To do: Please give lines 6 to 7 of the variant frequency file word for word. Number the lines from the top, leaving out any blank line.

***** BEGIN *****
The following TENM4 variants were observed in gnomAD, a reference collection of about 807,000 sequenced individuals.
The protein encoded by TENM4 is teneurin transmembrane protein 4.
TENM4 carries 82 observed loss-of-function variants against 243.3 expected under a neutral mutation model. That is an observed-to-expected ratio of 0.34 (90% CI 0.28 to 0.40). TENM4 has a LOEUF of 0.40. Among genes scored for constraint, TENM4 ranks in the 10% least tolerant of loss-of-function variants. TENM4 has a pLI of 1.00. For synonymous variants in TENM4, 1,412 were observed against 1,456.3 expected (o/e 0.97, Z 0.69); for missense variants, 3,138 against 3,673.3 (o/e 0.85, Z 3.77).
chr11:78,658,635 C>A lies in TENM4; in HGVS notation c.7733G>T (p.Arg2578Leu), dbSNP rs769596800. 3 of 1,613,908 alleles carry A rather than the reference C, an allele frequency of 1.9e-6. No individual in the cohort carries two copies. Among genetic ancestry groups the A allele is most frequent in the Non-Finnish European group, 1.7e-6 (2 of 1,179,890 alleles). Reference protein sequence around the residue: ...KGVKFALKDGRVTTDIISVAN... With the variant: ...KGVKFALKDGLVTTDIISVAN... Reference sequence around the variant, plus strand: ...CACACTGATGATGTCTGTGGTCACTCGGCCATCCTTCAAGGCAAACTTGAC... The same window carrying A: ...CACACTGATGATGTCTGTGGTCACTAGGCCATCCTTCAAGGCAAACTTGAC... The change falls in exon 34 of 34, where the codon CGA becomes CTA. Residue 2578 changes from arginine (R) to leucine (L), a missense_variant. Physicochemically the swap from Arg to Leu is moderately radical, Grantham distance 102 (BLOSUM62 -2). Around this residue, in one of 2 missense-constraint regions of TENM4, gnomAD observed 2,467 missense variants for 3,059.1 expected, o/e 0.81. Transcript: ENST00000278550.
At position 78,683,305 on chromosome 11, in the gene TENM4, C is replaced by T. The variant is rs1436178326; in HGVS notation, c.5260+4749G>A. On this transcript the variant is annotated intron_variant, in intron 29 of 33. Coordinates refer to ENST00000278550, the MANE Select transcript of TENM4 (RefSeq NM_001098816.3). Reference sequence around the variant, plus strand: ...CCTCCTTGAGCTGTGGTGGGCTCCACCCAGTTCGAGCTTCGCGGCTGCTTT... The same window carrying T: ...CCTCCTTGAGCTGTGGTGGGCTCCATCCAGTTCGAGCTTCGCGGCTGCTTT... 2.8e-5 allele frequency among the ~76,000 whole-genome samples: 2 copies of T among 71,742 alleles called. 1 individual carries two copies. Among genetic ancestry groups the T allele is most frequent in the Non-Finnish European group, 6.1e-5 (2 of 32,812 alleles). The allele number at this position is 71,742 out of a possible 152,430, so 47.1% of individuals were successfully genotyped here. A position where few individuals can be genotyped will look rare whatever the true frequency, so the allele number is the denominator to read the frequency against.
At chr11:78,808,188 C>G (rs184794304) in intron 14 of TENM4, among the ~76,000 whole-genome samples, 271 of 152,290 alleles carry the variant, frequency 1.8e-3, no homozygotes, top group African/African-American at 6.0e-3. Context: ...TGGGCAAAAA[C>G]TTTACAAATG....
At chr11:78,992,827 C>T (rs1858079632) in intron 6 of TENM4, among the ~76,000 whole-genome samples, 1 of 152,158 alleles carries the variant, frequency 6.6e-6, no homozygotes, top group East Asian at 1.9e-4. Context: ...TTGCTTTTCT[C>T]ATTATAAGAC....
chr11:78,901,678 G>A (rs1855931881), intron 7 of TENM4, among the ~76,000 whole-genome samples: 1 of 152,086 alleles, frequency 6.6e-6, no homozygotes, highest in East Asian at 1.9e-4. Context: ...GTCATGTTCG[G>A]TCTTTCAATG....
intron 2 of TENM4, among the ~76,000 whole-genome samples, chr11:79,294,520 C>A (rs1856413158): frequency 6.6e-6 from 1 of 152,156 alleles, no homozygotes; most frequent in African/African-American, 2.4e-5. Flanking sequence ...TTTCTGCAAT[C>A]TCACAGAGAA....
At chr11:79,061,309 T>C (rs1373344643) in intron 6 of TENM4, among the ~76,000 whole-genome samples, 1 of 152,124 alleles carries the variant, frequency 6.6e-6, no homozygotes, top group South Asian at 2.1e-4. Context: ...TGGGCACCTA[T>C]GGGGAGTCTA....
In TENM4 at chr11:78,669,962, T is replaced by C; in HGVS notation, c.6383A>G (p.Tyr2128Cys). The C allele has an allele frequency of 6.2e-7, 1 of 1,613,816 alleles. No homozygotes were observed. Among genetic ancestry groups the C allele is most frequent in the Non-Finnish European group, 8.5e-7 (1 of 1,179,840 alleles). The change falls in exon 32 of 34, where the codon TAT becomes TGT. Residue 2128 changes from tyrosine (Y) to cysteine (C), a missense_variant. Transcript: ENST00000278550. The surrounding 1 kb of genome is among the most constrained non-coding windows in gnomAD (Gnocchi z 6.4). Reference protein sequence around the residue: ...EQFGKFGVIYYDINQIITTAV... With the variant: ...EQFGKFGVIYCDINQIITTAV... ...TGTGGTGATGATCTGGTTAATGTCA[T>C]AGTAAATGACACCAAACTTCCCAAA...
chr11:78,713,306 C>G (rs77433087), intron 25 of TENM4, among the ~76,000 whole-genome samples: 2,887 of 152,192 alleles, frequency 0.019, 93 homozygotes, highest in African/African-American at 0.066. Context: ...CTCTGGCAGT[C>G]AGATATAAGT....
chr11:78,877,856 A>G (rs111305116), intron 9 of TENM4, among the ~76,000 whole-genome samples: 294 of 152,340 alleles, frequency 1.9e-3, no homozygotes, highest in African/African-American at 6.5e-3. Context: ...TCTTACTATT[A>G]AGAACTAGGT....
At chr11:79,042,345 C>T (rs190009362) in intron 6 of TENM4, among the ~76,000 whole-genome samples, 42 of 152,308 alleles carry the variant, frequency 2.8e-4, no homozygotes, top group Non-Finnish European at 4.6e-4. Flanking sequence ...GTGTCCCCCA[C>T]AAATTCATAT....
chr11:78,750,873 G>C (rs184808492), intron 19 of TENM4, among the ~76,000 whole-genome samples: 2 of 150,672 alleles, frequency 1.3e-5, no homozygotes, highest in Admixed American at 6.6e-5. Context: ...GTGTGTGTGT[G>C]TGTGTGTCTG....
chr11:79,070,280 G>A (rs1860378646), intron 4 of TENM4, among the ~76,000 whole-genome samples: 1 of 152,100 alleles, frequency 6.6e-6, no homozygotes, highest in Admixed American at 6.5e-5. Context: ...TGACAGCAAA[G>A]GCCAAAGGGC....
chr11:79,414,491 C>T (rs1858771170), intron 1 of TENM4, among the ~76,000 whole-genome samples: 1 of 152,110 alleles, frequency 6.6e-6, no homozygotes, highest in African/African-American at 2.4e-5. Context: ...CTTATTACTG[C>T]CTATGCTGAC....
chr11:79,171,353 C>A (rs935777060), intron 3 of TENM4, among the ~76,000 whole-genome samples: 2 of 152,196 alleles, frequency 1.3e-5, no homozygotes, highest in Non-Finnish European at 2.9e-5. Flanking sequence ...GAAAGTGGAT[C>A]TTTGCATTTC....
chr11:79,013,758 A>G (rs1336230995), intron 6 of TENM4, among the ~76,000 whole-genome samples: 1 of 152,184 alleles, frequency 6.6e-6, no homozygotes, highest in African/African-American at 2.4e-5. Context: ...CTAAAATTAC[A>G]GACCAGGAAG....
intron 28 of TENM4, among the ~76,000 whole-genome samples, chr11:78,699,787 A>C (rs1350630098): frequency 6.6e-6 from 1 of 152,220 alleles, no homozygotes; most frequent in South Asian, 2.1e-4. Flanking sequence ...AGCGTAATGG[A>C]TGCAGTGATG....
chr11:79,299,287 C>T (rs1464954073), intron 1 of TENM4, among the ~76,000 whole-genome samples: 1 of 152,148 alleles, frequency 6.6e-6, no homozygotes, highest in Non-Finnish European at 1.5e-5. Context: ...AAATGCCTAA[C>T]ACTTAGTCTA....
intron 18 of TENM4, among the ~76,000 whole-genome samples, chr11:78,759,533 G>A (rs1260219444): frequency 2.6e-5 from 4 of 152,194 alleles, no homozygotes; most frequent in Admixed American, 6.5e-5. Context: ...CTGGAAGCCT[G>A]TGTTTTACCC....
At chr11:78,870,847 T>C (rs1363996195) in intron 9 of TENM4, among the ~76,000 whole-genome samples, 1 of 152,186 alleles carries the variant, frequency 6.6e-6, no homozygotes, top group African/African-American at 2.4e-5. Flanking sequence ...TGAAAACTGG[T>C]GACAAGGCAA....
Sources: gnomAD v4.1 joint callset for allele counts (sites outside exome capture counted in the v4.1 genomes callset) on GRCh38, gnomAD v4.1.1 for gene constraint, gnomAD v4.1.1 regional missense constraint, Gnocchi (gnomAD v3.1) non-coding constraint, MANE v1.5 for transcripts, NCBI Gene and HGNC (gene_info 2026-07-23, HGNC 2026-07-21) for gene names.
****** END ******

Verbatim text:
At chr11:78,808,188 C>G (rs184794304) in intron 14 of TENM4, among the ~76,000 whole-genome samples, 271 of 152,290 alleles carry the variant, frequency 1.8e-3, no homozygotes, top group African/African-American at 6.0e-3. Context: ...TGGGCAAAAA[C>G]TTTACAAATG....
At chr11:78,992,827 C>T (rs1858079632) in intron 6 of TENM4, among the ~76,000 whole-genome samples, 1 of 152,158 alleles carries the variant, frequency 6.6e-6, no homozygotes, top group East Asian at 1.9e-4. Context: ...TTGCTTTTCT[C>T]ATTATAAGAC....